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Louis Walsh: 'I don't want to be slagging people off any more. I have to suffer the consequences. I take my work very seriously'

In an exclusive and wide-ranging interview, Louis Walsh talks to Barry Egan about death — his own, his father’s and Stephen Gately’s — plus Bono, Elton, Simon Cowell, Westlife and his next career move

Louis Walsh in the InterContinental Hotel in Dublin
Louis Walsh in the InterContinental Hotel in Dublin

By Barry Egan

What makes Louis Walsh cry? "Funerals. I hate going to funerals. I cry." He has similar tear-stained memories of three years at St Nathy's boarding school in Ballaghaderreen, Co Roscommon as a teenager.

"I hated St Nathy's. I didn't fit in. I hated it so much. I wasn't very studious. I wasn't sporty. I remember going asleep in the dormitory bed at night missing my mother's food, my mother's good food," recalls Louis.

"The food in St Nathy's was horrible, like prison. St Nathy's was like prison, like an institution. It was depressing. It was go to bed, pray, study. I hated the place. There was no fun.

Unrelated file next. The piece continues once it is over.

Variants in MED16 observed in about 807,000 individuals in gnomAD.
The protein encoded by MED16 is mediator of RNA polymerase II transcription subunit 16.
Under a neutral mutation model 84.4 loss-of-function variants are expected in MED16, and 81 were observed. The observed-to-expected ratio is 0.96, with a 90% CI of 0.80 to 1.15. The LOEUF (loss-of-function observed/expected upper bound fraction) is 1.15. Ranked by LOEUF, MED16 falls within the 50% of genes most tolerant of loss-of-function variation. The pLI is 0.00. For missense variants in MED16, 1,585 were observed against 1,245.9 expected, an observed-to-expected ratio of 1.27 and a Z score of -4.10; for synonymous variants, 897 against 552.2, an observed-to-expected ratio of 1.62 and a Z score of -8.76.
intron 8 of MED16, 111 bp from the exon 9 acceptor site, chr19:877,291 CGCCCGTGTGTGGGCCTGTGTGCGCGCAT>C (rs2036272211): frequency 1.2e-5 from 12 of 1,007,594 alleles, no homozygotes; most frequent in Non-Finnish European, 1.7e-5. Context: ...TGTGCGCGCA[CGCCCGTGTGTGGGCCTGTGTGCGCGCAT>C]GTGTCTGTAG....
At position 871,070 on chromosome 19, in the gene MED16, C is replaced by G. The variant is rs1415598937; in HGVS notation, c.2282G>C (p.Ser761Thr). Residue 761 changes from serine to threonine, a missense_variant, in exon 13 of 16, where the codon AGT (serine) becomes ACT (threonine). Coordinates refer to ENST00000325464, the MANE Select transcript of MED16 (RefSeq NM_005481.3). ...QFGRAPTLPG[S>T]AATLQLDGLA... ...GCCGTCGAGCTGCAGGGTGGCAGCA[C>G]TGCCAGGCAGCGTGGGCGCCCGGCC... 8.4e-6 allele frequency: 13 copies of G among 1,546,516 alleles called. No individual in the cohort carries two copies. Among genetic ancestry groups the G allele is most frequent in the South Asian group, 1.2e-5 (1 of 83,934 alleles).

"Every time now I drive by on that road, I go, 'Oh My God'."

Louis Walsh with fellow X Factor judge, Nicole Scherzinger
Louis Walsh with fellow X Factor judge, Nicole Scherzinger

Louis says that when he was in bed in St Nathy's, his family home in Kiltimagh, 20 miles away in Mayo, seemed like on the other side of the world.

"We didn't have a lot of money at home but we always had fun in our house. There was never fun in boarding school. Our house was always full of people and noise and music... neighbours coming in. It was an open house."

Why did Louis's parents send him to boarding school? "Because I was the second eldest child of nine kids," says Louis, who has a big sister, Evelyn. "I think my mother thought I might become a priest. I don't know! I think that was somewhere in the back of her mind."

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Is Louis religious? "Not really, no," he says over a fancy lunch in the InterContinental hotel in Dublin. "I have never had a religious experience. I was an altar boy and all that stuff. Religion was hammered into us when we were young."